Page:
The Cuteness of Tunneling Media
Juan Llamas-Rodriguez / University of Texas at Dallas
Virtual private networks, or VPNs, have become an attractive option for the cautious yet casual internet user in light of the increase in commercial tracking, social media data mining, and unfettered state surveillance. VPNs allow users to encrypt data sent and received across public networks, thus acting as if connected to a private network and granting differential levels of access, privacy, or security. An overview of user-friendly VPNs at the start of 2017 evidences a spread of technical sophistication and affordability, revealing the growing demand for these services. Within these platforms for traffic encryption are a number of VPNs marketed not only as user-friendly, but also as cute. Their avatars — often an animated animal or plant — both signal the service’s relatability to the everyday user and imply its innocuous nature. There is, for instance, Mullvad’s gopher wearing a construction hat, SlickVPN’s chameleon grinning deviously, and CactusVPN’s eponymous mascot playing dressup.
Here I briefly consider the case of TunnelBear, a Toronto-based VPN service that promises a “secure and private connection to a less restricted Internet.” In many ways, TunnelBear is representative of the mobilization of cuteness to market user-friendly VPNs. At the same time, it is different from other services with cute mascots in that it incorporates the tunnel as part of the cute figure that symbolizes the VPN’s function. By making anodyne the metaphor of alternative (or perhaps unauthorized) connectivity provided by a VPN, TunnelBear illustrates the ideological negotiations in which these user-friendly services must engage.
Deploying cuteness to market a product has a clear profitable intent. Advertisers and designers have long mobilized the appeal of cuteness to sell all sorts of products. Medical studies conclude that coding messages as cute facilitates their reception and fosters compliance. The decades-old popularity of kawaii and its international travels prove that cuteness, broadly conceived, is neither new nor unique to the North American market for VPNs. [ ((For instance, see Joseph Tobin, Pikachu’s Global Adventure: The Rise and Fall of Pokemon (Durham: Duke University Press, 2004); Christine Yano, Pink Globalization: Hello Kitty’s Trek Across the Pacific (Durham: Duke University Press, 2013).))] Still, cuteness has had a new lease on life with the rise of meme culture on the internet. Cat videos proliferate online because their cuteness facilitates instant affective investment and extralinguistic connections across users. Whether we speak of the digitization of cute culture or the cuteness of digital culture, the growth of consumer-oriented online networks is increasingly intertwined with the spread of cute content.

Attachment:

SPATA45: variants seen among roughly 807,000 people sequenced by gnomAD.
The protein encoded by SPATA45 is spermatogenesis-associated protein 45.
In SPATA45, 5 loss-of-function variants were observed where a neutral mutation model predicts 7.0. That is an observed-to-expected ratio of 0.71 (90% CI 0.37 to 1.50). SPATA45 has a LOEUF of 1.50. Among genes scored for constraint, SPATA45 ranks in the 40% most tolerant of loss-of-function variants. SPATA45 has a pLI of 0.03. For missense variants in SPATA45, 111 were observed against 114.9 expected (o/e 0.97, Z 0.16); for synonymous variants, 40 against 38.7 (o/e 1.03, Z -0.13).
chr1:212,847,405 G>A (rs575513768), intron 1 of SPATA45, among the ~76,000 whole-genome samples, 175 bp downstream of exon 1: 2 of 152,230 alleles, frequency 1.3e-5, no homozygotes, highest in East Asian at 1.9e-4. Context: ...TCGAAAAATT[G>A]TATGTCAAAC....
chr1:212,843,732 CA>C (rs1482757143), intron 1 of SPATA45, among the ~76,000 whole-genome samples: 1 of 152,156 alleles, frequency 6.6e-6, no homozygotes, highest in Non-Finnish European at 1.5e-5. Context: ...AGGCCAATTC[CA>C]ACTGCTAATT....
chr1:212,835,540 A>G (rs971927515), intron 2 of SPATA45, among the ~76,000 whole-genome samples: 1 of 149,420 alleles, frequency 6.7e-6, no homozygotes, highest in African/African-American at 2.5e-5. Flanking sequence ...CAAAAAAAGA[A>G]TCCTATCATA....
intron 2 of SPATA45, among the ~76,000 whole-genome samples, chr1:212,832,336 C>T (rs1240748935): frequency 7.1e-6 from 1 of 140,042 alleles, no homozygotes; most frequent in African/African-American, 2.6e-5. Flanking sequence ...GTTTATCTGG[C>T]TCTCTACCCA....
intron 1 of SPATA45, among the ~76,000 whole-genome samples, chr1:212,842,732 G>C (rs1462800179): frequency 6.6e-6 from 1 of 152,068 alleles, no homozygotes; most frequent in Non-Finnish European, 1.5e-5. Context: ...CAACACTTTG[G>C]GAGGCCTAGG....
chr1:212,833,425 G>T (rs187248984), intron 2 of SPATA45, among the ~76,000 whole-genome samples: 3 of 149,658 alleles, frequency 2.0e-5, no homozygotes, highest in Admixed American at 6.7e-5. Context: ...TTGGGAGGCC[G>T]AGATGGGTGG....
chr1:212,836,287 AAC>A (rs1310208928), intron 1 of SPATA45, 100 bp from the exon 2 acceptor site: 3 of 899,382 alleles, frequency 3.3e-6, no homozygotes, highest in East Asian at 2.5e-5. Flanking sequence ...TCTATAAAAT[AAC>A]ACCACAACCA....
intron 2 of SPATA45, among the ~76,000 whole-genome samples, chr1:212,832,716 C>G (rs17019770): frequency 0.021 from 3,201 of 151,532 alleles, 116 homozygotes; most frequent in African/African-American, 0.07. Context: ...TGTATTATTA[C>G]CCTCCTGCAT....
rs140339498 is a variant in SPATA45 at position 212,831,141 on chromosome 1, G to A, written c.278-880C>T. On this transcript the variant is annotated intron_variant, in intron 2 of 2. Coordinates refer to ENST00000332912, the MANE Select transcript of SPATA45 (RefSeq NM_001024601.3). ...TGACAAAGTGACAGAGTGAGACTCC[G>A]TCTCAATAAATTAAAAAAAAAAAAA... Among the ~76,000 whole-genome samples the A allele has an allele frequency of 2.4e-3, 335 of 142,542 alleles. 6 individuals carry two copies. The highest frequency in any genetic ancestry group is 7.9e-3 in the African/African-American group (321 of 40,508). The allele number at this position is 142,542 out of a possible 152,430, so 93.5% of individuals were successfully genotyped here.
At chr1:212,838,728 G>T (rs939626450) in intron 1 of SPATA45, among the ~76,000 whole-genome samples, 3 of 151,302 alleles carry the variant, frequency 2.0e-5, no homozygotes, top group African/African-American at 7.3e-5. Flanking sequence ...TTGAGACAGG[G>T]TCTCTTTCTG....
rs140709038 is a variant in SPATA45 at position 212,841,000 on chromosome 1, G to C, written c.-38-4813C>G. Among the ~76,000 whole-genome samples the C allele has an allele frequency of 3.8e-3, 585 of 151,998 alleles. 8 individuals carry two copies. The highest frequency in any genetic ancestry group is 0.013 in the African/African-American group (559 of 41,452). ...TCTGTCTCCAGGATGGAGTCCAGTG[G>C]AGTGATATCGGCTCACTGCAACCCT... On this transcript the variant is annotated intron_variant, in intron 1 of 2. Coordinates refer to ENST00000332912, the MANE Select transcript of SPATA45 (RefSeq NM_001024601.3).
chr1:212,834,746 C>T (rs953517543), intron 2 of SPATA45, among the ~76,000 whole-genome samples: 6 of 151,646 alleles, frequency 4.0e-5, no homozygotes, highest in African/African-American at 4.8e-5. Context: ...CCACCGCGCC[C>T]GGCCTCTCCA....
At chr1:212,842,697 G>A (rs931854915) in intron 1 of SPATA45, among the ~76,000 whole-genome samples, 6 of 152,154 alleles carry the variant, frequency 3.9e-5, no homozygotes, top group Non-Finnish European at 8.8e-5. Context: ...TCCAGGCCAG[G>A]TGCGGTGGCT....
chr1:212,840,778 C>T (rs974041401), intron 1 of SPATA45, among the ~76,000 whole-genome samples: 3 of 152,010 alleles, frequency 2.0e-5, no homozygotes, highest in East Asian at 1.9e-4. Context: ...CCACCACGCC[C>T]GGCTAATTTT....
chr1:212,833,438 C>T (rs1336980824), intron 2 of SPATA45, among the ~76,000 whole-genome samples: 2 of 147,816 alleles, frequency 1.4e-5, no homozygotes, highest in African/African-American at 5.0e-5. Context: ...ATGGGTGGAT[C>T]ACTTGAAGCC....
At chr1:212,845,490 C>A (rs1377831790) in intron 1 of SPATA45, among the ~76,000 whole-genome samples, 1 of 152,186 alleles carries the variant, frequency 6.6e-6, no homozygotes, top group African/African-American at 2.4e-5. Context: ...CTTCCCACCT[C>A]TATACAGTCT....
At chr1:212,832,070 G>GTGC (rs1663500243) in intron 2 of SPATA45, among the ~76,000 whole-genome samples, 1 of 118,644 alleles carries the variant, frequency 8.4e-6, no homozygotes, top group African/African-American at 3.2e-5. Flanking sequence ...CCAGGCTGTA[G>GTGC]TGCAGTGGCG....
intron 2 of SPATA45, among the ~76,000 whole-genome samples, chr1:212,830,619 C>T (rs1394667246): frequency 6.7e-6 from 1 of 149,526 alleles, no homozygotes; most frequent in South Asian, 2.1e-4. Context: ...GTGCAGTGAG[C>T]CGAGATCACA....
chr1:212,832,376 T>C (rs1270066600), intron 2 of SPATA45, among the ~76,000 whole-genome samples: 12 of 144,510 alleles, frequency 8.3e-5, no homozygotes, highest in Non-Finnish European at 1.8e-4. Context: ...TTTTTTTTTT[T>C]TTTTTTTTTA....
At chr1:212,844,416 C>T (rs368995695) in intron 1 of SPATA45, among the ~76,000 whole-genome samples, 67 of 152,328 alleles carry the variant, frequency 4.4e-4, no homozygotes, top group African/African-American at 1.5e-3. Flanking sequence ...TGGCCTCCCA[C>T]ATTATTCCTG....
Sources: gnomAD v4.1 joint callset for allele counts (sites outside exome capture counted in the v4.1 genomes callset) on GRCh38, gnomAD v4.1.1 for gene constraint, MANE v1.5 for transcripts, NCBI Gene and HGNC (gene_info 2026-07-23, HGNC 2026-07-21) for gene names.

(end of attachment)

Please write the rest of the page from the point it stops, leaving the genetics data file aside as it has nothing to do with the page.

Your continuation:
Among the gophers, chameleons, and cacti of the user-friendly VPN market, the mobilization of cuteness in TunnelBear displays both the affable and the violent potentials of this aesthetic. Sianne Ngai makes the case for such “paradoxical doubleness” of cuteness in her study of Takashi Murakami’s art and Gertrude Stein’s poetry. [ ((Sianne Ngai, “The Cuteness of the Avant-Garde,” Critical Inquiry 31 (Summer 2005): 811-847.))] Linguistically and artistically, Ngai argues, cute names a situation in which the act of minimization results in an uncanny reversal. The cute object could be just as easily deployed for aggressive means. The variety of animated poses that the TunnelBear assumes reflect such doubleness of cuteness. One moment the bear is gently shielding your face from recognition as you surf the web in a public place [Image 2]; the next it is shooting lasers from its eyes and pawing at fighter jets above a city skyline [Image 3]. TunnelBear’s distinction between affability and violence becomes a function of directionality: it is nice towards you, the user, yet not so nice to them. Them in this case are presented as advertisers and other commercial online trackers. Like most user-friendly VPNs, the service must be portrayed as affording a more amenable experience for the internet user while glossing over the myriad functions for which it could also be deployed. Like cuteness, the user-friendly VPN must remain innocuous despite always already holding the potential for its exact opposite.